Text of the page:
Kiski Area’s Flemm overcomes injuries, mother’s bout with cancer to become stalwart for football team

Saturday, October 1, 2022 | 3:57 PM

Connor Flemm rarely leaves the field for the Kiski Area football team.

The starter at running back and linebacker also kicks off, punts, converts extra points and is the field goal kicker.

For the Cavaliers senior, every day on the field with his teammates is one he savors. He knows better than anyone how those opportunities can be quickly taken away.

Injuries forced the 6-foot-1, 220-pound Flemm, who also plays basketball and baseball, to miss every season from football his sophomore year to basketball last year as a junior.

“It’s been a lot, but now I am just grateful for a chance to play, every practice and every game,” Flemm said. “Tomorrow is never guaranteed. Now, I always cherish those moments.”

Flemm started one varsity game at linebacker as a freshman and also played on special teams.

He came back for his sophomore year hoping to make an impact. But things quickly came to a halt.

Flemm was running the ball in a junior varsity game against Fox Chapel early in the season, and as he was being tackled, he went to brace himself. His left elbow buckled as it broke and dislocated under the strain.

It was a season-ending injury, and the rehab and recovery process also forced him to miss the entire basketball season.

Compounding the physical and emotional toll of the elbow injury was discovering, at about the same time, that his mother, Kelly, was diagnosed with a brain tumor. With surgery to remove the tumor, Flemm said, it was discovered to be cancerous.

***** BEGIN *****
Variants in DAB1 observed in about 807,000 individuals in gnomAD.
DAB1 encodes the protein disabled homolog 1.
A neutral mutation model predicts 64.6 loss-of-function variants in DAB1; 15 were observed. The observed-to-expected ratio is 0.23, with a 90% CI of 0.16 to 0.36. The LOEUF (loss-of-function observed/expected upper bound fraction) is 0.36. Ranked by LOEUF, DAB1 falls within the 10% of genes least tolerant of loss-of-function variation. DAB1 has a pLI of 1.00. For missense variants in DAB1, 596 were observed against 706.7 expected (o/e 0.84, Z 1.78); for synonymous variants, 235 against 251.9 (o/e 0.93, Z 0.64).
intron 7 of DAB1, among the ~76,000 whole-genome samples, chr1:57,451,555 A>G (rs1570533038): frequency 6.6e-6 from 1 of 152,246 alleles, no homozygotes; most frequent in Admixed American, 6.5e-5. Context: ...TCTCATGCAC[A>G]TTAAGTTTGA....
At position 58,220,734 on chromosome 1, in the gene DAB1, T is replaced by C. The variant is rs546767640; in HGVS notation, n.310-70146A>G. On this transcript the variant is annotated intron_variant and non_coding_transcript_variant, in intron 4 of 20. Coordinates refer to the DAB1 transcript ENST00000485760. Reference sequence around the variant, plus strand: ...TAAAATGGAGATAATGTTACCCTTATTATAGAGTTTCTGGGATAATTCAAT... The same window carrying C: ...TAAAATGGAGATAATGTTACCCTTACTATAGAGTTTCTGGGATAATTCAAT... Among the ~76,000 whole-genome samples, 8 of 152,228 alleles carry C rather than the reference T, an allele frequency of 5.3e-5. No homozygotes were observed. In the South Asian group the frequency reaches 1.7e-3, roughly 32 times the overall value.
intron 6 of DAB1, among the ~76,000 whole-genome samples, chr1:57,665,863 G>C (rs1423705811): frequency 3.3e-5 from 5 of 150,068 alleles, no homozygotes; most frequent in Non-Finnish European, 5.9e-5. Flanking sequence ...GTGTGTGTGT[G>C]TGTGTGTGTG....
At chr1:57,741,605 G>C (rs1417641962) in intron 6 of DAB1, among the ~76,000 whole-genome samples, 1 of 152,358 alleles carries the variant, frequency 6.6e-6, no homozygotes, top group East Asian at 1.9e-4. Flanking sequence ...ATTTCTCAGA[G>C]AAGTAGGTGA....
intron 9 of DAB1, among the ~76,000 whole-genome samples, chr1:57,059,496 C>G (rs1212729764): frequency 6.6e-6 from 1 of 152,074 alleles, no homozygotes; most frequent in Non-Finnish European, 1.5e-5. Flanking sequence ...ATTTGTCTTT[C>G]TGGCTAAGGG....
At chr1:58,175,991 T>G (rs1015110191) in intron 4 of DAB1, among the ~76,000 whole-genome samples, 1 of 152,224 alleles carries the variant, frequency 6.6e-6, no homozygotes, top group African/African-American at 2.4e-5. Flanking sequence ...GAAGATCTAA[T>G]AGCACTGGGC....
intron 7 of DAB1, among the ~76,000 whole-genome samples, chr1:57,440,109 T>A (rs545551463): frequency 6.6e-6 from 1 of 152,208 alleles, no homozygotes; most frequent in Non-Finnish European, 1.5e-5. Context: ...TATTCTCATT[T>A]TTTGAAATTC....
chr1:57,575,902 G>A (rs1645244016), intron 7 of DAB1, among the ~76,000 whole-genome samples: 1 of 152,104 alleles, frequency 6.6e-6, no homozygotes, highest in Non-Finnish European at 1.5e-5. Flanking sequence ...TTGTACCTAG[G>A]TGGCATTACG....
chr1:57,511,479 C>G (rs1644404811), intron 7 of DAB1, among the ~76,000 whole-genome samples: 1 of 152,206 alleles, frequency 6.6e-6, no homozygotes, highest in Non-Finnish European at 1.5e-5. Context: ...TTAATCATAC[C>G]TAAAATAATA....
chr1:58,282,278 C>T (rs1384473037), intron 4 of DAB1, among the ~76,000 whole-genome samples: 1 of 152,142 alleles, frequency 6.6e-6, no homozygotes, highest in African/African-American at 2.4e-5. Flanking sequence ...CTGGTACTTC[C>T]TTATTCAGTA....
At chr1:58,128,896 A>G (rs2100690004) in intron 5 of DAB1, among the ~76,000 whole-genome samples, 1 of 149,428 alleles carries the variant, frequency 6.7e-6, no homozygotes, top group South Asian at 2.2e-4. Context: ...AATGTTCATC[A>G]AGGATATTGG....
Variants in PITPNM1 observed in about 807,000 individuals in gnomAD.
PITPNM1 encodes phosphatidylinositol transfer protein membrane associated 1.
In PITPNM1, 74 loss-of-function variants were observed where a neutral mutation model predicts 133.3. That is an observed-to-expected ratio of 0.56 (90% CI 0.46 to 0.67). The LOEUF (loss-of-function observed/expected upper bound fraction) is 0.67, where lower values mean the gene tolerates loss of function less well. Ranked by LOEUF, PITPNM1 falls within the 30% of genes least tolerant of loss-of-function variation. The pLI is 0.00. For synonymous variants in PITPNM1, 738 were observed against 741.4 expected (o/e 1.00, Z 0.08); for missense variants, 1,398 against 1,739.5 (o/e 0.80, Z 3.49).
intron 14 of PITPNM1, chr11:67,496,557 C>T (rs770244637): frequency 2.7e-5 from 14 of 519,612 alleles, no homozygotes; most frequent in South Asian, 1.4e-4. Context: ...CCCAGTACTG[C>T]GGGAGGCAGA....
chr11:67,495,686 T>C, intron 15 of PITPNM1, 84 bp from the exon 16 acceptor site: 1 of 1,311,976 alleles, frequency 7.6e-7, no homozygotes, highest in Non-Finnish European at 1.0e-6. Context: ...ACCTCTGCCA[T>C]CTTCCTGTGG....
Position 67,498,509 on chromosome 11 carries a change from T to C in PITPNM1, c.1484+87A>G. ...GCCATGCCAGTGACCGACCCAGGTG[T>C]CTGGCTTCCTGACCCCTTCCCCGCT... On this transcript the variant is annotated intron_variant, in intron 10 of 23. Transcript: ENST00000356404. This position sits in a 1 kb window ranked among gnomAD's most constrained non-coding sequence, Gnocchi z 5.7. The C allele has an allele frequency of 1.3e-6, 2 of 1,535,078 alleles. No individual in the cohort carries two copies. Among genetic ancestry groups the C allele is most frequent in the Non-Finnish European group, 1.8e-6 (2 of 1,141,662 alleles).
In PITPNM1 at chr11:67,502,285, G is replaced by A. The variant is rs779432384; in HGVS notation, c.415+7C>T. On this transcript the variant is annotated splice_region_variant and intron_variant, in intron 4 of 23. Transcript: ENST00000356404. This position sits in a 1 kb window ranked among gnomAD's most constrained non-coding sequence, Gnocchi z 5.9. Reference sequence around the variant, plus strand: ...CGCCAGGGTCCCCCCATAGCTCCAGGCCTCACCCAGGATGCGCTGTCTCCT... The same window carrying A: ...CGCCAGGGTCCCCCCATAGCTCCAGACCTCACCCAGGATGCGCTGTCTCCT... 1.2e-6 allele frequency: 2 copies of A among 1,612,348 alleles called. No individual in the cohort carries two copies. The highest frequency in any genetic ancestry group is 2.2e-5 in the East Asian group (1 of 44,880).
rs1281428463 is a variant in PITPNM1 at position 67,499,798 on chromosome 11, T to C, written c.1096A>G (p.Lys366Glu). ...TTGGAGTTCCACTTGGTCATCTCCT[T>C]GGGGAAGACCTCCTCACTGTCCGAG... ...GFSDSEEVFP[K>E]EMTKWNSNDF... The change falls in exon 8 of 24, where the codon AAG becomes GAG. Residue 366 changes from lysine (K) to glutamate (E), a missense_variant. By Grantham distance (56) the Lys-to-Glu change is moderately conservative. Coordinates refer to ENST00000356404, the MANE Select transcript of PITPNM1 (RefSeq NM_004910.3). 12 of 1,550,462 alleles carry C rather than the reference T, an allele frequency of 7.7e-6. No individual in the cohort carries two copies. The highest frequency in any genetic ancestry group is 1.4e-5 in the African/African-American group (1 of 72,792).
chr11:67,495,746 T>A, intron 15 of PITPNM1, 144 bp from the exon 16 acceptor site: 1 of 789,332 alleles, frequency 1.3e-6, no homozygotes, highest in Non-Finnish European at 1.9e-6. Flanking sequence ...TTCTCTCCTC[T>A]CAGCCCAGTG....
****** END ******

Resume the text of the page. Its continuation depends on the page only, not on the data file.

“She had treatment, and, thankfully, there’s been no trace of it since. She’s good,” Flemm said. “With what I was going through with my surgery and not knowing at the time what the future was for her, it was a lot.

“She is so involved with all of my sports, from cheering me on to working with the boosters. She has been such a constant source of support the past couple of years. I am grateful every day to have that.”

With his elbow injury healed, Flemm was cleared to return to competition in February, and he prepared for his sophomore baseball season. But during one of the first games, he slid into home and broke the tibia and fibula near the ankle in his left leg.

Surgery was needed to stabilize the bones, and a new recovery regimen began.

“I miss all of the baseball season, and I think I am going to be back in August for football after recovering,” Flemm said. “But I was then told the leg never healed, so I missed all of football last year and all of basketball. It was devastating.”

Even though he was not on the court last winter, his basketball teammates voted Flemm a team captain.

“Multiple times I thought, ‘Why me?’ ” he said. “With my first injury and then my mom’s brain tumor, things were just piling on. It was during covid, so I wasn’t seeing many people. I was at home thinking and kind of feeling bad for myself. Then all of that happened with my broken leg when I thought I was back for baseball and the extra seasons I missed last year.”